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The Honorable Shirley Ann Jackson, 18th President of Rensselaer Polytechnic Institute, announces retirement

Troy, NY: The honorable Shirley Ann Jackson, the first African-American woman to have earned a doctorate at the Massachusetts Institute of Technology and the second African-American woman in the United States to earn a doctorate in physics, has announced she will step down from her role as President, Rennselaer Polytechnic Institute (RPI).

Her departure from RPI, the oldest private U.S technological research university, after 22 years becomes official July 1, 2022, she wrote in a memo to faculty and families, according to the Times Union.
“It has been the privilege and honor of my professional career to serve as President of Rensselaer since 1999,” Washington, D.C.- born Jackson wrote in a letter to the campus. “Throughout my tenure, the Institute has transformed into a vibrant community, with significant investments in new and existing academic, research, and residential facilities.”

For over two decades, Jackson has helped the area’s largest private university grow with fundraising, new projects and an increased focus on entrepreneurship. The university’s student body has become more diverse and more international during her presidency, and Jackson’s goal is to have the university reach more than $250 million in annual research spending within the next few years.
Those investments have included the Center for Biotechnology and Interdisciplinary Studies, Curtis R. Priem Experimental Media and Performing Arts Center (EMPAC) and The Rensselaer Plan which set ambitious, innovative goals for the university.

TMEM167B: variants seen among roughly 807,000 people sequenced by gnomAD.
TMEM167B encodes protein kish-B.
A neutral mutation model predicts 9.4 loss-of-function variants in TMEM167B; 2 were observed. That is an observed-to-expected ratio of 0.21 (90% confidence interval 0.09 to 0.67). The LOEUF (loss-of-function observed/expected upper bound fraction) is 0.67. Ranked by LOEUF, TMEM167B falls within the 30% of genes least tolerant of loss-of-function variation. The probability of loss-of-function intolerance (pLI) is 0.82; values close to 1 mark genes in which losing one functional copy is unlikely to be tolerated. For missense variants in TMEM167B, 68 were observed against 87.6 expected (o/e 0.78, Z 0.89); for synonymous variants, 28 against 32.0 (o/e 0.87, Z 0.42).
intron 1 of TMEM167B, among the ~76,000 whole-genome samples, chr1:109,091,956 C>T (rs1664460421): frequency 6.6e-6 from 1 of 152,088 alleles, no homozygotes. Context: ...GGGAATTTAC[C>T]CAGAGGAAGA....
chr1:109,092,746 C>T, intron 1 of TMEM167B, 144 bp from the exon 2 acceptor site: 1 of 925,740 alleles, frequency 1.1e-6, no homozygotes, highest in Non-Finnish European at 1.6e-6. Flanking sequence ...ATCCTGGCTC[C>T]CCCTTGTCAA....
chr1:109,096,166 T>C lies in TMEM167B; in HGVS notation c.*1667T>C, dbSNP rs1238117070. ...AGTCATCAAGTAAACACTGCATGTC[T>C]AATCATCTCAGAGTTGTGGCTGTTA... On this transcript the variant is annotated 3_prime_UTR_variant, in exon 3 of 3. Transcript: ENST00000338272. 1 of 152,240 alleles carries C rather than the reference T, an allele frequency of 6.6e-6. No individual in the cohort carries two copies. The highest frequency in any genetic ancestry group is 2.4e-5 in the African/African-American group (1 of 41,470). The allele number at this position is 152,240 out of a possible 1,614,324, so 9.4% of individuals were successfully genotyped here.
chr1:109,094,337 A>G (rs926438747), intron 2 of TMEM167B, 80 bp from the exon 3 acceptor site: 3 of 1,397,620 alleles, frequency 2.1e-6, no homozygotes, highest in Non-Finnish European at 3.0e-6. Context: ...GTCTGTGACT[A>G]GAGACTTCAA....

Jackson’s distinguished career includes receiving the National Medal of Science – the nation’s highest honor for achievement in science and engineering. She has presented at the World Economic Forum in Davos, Switzerland, has 55 honorary doctoral degrees and was inducted into the National Women’s Hall of Fame in 1998.
Prior to joining Rensselaer, Jackson chaired the U.S. Nuclear Regulatory Commission under President Bill Clinton. In a White House ceremony, President Barack Obama presented her with the 2014 National Medal of Science, the highest honor for scientific achievement bestowed by the U.S. government. That year, she also became co-chair of the President’s Intelligence Advisory Board.

Jackson recently spoke on an Albany Business Review panel about the future of higher education. She discussed the importance of having more flexible and creative paths for students of different backgrounds going forward.
“We have to focus more on meeting the financial needs of students who may come from less-wealthy backgrounds and need to bring more underrepresented minorities into STEM fields,” Jackson said. “There has to be a special focus on how we provide access to the university. Some of that relates to student preparedness, but a lot of it relates to economic and the difficulty in affording college for less-wealthy students, minorities and others.”
“Let us look to the 200th anniversary of Rensselaer Polytechnic Institute with the relentless curiosity and commitment to make the world a better place that is the hallmark of this special institution.”
Jackson will spend her last year working on the ongoing capital campaign and moving forward key projects endorsed by the board of trustees.


Earlier this year, The Journal of Blacks in Higher Education reported President Jackson was named the 2021 recipient of the prestigious Hans Christian Oersted Medal, presented by the American Association of Physics Teachers. The Medal is given annually to a person who has had outstanding, widespread, and lasting impact on the teaching of physics.
During winter 2007, Our Time Press highlighted President Jackson in the inaugural Our Time At Home supplement. In 2009, OTP publishers met President Jackson through Network Journal publisher Aziz Adetemirin at one of his annual luncheon awards ceremony.

As the Rennselaer and Troy community react to the news, a search for Jackson’s successor has not been announced.
Shirley Jackson is married to Morris A. Washington, a physics professor at Rensselaer Polytechnic Institute, and has one son, Alan, a Dartmouth College alumnus.

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